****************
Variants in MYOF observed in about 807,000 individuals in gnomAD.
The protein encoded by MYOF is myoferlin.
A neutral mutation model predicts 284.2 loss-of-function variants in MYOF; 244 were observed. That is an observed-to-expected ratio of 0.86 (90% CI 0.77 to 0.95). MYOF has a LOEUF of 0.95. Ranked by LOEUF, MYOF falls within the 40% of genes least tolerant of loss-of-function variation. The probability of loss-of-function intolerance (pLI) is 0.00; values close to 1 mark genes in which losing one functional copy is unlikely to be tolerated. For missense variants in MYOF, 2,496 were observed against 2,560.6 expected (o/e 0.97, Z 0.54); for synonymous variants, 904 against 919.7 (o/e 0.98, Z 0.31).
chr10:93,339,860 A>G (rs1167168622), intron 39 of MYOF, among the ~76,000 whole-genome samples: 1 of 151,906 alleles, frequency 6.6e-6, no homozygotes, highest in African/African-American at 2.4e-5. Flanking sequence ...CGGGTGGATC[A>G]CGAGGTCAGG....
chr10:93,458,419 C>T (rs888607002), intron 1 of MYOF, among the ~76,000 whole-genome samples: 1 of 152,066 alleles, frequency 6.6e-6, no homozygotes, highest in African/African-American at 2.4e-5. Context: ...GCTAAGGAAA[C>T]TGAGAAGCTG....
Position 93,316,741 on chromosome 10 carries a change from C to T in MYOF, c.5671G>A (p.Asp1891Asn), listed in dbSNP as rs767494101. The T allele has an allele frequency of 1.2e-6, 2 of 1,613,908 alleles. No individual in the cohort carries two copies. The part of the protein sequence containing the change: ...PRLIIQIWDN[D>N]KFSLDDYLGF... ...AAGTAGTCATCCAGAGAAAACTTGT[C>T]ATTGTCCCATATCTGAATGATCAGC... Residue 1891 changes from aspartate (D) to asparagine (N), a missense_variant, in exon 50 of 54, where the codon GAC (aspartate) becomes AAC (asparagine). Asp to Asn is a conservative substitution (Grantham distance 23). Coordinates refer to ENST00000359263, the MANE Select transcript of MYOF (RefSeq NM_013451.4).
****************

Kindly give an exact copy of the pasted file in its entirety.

Variants in MYOF observed in about 807,000 individuals in gnomAD.
The protein encoded by MYOF is myoferlin.
A neutral mutation model predicts 284.2 loss-of-function variants in MYOF; 244 were observed. That is an observed-to-expected ratio of 0.86 (90% CI 0.77 to 0.95). MYOF has a LOEUF of 0.95. Ranked by LOEUF, MYOF falls within the 40% of genes least tolerant of loss-of-function variation. The probability of loss-of-function intolerance (pLI) is 0.00; values close to 1 mark genes in which losing one functional copy is unlikely to be tolerated. For missense variants in MYOF, 2,496 were observed against 2,560.6 expected (o/e 0.97, Z 0.54); for synonymous variants, 904 against 919.7 (o/e 0.98, Z 0.31).
chr10:93,339,860 A>G (rs1167168622), intron 39 of MYOF, among the ~76,000 whole-genome samples: 1 of 151,906 alleles, frequency 6.6e-6, no homozygotes, highest in African/African-American at 2.4e-5. Flanking sequence ...CGGGTGGATC[A>G]CGAGGTCAGG....
chr10:93,458,419 C>T (rs888607002), intron 1 of MYOF, among the ~76,000 whole-genome samples: 1 of 152,066 alleles, frequency 6.6e-6, no homozygotes, highest in African/African-American at 2.4e-5. Context: ...GCTAAGGAAA[C>T]TGAGAAGCTG....
Position 93,316,741 on chromosome 10 carries a change from C to T in MYOF, c.5671G>A (p.Asp1891Asn), listed in dbSNP as rs767494101. The T allele has an allele frequency of 1.2e-6, 2 of 1,613,908 alleles. No individual in the cohort carries two copies. The part of the protein sequence containing the change: ...PRLIIQIWDN[D>N]KFSLDDYLGF... ...AAGTAGTCATCCAGAGAAAACTTGT[C>T]ATTGTCCCATATCTGAATGATCAGC... Residue 1891 changes from aspartate (D) to asparagine (N), a missense_variant, in exon 50 of 54, where the codon GAC (aspartate) becomes AAC (asparagine). Asp to Asn is a conservative substitution (Grantham distance 23). Coordinates refer to ENST00000359263, the MANE Select transcript of MYOF (RefSeq NM_013451.4).